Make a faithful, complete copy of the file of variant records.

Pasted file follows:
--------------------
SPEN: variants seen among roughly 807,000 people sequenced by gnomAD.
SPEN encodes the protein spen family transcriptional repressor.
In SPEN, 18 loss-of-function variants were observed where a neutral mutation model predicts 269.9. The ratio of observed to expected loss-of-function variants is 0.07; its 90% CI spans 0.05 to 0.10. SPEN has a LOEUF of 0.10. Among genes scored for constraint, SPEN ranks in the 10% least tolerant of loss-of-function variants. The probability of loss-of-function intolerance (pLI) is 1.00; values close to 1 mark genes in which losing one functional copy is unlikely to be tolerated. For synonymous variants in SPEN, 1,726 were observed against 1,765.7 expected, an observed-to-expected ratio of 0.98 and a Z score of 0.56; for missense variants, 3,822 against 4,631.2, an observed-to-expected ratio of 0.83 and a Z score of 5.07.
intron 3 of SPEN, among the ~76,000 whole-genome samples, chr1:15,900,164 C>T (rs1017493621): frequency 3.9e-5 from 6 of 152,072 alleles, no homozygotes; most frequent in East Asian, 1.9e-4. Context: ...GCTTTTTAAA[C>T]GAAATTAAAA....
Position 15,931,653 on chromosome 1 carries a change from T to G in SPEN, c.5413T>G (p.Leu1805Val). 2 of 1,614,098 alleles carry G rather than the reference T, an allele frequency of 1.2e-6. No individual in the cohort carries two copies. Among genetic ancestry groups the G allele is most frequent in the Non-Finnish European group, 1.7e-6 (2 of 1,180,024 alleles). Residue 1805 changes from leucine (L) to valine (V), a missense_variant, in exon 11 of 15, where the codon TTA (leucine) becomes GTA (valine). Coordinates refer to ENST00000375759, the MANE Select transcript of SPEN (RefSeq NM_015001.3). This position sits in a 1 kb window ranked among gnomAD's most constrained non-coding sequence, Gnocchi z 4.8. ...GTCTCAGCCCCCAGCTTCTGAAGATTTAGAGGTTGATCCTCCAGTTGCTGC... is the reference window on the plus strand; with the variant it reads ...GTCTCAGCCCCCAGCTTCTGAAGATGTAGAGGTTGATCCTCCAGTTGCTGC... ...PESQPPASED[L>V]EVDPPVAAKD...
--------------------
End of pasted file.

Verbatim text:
SPEN: variants seen among roughly 807,000 people sequenced by gnomAD.
SPEN encodes the protein spen family transcriptional repressor.
In SPEN, 18 loss-of-function variants were observed where a neutral mutation model predicts 269.9. The ratio of observed to expected loss-of-function variants is 0.07; its 90% CI spans 0.05 to 0.10. SPEN has a LOEUF of 0.10. Among genes scored for constraint, SPEN ranks in the 10% least tolerant of loss-of-function variants. The probability of loss-of-function intolerance (pLI) is 1.00; values close to 1 mark genes in which losing one functional copy is unlikely to be tolerated. For synonymous variants in SPEN, 1,726 were observed against 1,765.7 expected, an observed-to-expected ratio of 0.98 and a Z score of 0.56; for missense variants, 3,822 against 4,631.2, an observed-to-expected ratio of 0.83 and a Z score of 5.07.
intron 3 of SPEN, among the ~76,000 whole-genome samples, chr1:15,900,164 C>T (rs1017493621): frequency 3.9e-5 from 6 of 152,072 alleles, no homozygotes; most frequent in East Asian, 1.9e-4. Context: ...GCTTTTTAAA[C>T]GAAATTAAAA....
Position 15,931,653 on chromosome 1 carries a change from T to G in SPEN, c.5413T>G (p.Leu1805Val). 2 of 1,614,098 alleles carry G rather than the reference T, an allele frequency of 1.2e-6. No individual in the cohort carries two copies. Among genetic ancestry groups the G allele is most frequent in the Non-Finnish European group, 1.7e-6 (2 of 1,180,024 alleles). Residue 1805 changes from leucine (L) to valine (V), a missense_variant, in exon 11 of 15, where the codon TTA (leucine) becomes GTA (valine). Coordinates refer to ENST00000375759, the MANE Select transcript of SPEN (RefSeq NM_015001.3). This position sits in a 1 kb window ranked among gnomAD's most constrained non-coding sequence, Gnocchi z 4.8. ...GTCTCAGCCCCCAGCTTCTGAAGATTTAGAGGTTGATCCTCCAGTTGCTGC... is the reference window on the plus strand; with the variant it reads ...GTCTCAGCCCCCAGCTTCTGAAGATGTAGAGGTTGATCCTCCAGTTGCTGC... ...PESQPPASED[L>V]EVDPPVAAKD...